Mr.John Donaldson, a respected member of the Society, died in hospital in December, 1992. He had spent the years of his retirement showing an interest in many local organisations: his interest in local history manifested itself in detailed research of any subject he examined and during his short membership of ADLHS he produced several Occasional Papers and articles. At the time of his death, John had copied the 1891 census returns for Alcester, Arrow, Oversley and Great Alne parishes, a task which occupied many hours in front of the reader at Alcester Library. He was, in fact, the only one to respond positively to the Editor's appeal for help in transcribing the 1891 census returns. As well as copying out the 1891 returns, John did a little investigation into their contents and from his notes we have compiled the following article, which will be expanded in the next (Summer 1993) issue.
A Census, an official enumeration of the inhabitants, has been carried out for England and Wales, including the Isle of Man and the Channel Islands, every ten years since 1801, with the exception of 1941 -- except that from 1841 individual names have been included. Since 1841 the information has included name, sex, marital status, place of birth and occupation of every-one in the house, with their relationship to the head of the household.
The main purpose is to aid Government and local Government planning: censuses ,also ,are among the best known sources for genealogical research and a mine of information about Victorian communities. The official census returns are at the Public Record Office in London, as well as on micro-film there. To preserve confidentiality, publication; is not available for 100 years. Therefore, the 1891 census is the last one published. In
1992 Alcester Library obtained a copy for Alcester and surrounding parishes -- but only on micro-fiche. This is harder to read than micro-film and was made worse by the illegibility of some of the original handwriting; and further worsened by heavy cross-ticking through the age column, presumably for tabulation purposes by statistics officials. Despite these difficulties, the micro-fiche has been transcribed for the Society. It will be appreciated that this was a mammoth task, even for the few parishes completed. Stratford Library has a micro-fiche of the 1891 census for all the parishes of Warwickshire.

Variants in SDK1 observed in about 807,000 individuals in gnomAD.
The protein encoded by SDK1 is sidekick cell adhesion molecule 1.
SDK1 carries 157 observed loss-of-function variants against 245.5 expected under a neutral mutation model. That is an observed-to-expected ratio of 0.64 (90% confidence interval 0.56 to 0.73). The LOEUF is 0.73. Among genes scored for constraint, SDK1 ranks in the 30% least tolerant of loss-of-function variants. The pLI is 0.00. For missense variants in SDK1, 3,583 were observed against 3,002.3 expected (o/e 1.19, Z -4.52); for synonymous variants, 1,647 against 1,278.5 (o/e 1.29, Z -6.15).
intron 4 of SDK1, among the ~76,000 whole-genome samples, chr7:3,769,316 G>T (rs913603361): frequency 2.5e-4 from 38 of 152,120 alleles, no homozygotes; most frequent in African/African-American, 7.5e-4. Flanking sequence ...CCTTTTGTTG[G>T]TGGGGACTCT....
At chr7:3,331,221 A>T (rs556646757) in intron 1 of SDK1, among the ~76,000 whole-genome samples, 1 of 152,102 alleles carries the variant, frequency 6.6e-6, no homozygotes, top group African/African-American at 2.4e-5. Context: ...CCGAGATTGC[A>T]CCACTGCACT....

In the tables which follow, these points need to be noted:--
a) visitors and school boarders are omitted from the analysis
b) in a later table (Summer 1993 'Local Past') the area covered is the immediate Alcester one, viz. Alcester itself and its constituent parts (King's Coughton, Alcester Heath, Arrow, Oversley (which includes the Workhouse) and Kinwarton (this last transcribed by Editor)
Some notes: Christian names have not been analysed, as they were in previous Occasional Papers on earlier census. For females Emma, Elizabeth and Sarah seemed predominant; but for males, none stood out.
The vast majority of the population was born locally or in the neighbouring villages. However, railway men, engineers, shepherds and some servants were born elsewhere. All were born in England, with the exception of 9 in Ireland, 5 in Wales, 4 in Scotland, 3 in America and one in Canada.
|Houses and Tenements|
|Housing Units||Uninhabited||Less than 5 rooms||M||F||Total|
The population of Alcester, excluding Arrow, Oversley and Kinwarton in 1891 was 2406, an increase of 42 over 1881 but only 7 above the population in 1841 -- there was a decline between 1841 and 1861. The recovery in numbers may be a partial result of the coming of the railways.
It will be seen that females outnumber males in all parishes save Oversley.
The term 'housing unit' has been used, as in some cases a house is divided into two or more dwellings. The number of housing units in Alcester was 554, compared with 531 in 1881. The average of 4.63 residents per housing unit compares with 4.45 in 1881.
The Workhouse had a staff of 6 plus the Master's son and 118 inmates (72 males and 46 females)
Spring 1993 Index